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One year after officially leaving the EU, the UK has confirmed it will request to join the Comprehensive and Progressive Trans-Pacific Partnership (CPTPP).
The Pacific free trade bloc, which was established in 2018, covers a market of around 500 million people and member nations include Australia, Canada, Japan and New Zealand.
Formal negotiations are set to start this year and if successful the UK would be its second biggest economy after Japan.
International Trade Secretary Liz Truss said: “Joining CPTPP will create enormous opportunities for UK businesses that simply weren’t there as part of the EU. It will mean lower tariffs for car manufacturers and whisky producers, and better access for our brilliant services providers, delivering quality jobs and greater prosperity for people here at home. We’re at the front of the queue and look forward to starting formal negotiations in the coming months.”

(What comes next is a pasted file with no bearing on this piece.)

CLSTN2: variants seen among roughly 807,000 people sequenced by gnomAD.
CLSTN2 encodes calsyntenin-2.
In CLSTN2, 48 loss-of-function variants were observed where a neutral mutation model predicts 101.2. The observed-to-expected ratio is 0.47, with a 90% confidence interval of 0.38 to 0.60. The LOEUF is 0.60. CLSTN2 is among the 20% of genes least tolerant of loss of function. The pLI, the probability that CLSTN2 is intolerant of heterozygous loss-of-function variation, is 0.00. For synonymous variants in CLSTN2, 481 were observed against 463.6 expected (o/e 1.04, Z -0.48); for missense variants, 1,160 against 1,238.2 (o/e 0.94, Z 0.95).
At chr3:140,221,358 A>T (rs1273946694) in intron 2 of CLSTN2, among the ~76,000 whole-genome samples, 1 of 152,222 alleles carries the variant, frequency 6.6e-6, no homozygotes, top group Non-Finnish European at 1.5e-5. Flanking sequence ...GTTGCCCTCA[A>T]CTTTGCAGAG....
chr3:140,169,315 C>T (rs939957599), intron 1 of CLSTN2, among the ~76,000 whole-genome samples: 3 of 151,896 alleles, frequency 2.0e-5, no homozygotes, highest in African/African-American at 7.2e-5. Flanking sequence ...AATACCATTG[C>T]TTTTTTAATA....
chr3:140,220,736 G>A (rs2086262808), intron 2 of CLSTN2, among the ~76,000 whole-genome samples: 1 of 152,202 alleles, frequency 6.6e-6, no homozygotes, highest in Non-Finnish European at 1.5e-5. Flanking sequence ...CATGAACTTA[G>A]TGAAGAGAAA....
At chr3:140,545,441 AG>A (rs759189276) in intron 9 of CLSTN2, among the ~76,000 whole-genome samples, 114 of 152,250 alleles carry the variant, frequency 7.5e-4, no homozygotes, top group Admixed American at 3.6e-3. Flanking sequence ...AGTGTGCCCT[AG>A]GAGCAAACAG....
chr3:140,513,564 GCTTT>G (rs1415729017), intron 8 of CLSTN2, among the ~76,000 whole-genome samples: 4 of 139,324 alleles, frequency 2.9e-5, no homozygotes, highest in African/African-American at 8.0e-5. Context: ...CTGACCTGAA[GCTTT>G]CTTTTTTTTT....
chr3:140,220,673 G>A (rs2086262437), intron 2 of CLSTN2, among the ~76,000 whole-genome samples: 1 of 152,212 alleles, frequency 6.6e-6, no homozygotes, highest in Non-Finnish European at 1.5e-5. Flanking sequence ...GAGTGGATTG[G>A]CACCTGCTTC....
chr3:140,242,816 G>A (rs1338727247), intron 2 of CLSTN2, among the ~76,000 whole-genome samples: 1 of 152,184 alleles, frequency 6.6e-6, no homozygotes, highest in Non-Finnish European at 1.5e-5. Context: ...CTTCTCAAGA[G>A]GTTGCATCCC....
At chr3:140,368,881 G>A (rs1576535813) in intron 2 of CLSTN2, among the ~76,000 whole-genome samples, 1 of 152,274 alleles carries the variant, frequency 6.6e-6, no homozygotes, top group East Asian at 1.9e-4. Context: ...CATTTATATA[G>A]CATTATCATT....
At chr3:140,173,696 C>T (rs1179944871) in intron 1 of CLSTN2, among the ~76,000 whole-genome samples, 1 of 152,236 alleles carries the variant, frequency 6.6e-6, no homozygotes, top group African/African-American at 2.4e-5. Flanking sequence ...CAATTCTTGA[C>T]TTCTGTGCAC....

What would it mean for the UK?
The Department for International Trade says becoming a member of the £9tn bloc would “deepen the UK’s access to fast-growing markets and major economies”, including Mexico, Malaysia and Vietnam. UK trade with the group was worth £111bn in 2019, growing by 8% a year since 2016.
“It sounds a win-win,” says the BBC’s Dharshini David. However, in practice, the “short-terms gains for households and business would be limited”. David adds: “The UK already has trade deals with seven of the 11 nations – and is pursuing two more. In total, CPTPP nations account for less than 10% of UK exports, a fraction of what goes to the EU.”
Who is in the trading bloc?
The CPTPP is a trading agreement between 11 Pacific Rim nations: Australia, Brunei, Canada, Chile, Japan, Malaysia, Mexico, New Zealand, Peru, Singapore and Vietnam. It is the third largest free-trade area in the world by GDP, after the North American Free Trade Agreement and the European single market.
When was it formed?
The first trans-pacific partnership (TPP) was signed in February 2016. The United States was among the signatories, but former president Donald Trump backed out of the agreement following his subsequent election victory. All other signatories agreed to revive the deal the year later and reached a new agreement in 2018.
What is the bloc worth?
The trading bloc’s 11 countries are home to around 500 million people and generate more than 13% of the world’s income. The combined economies of the member states are worth more than £9tn.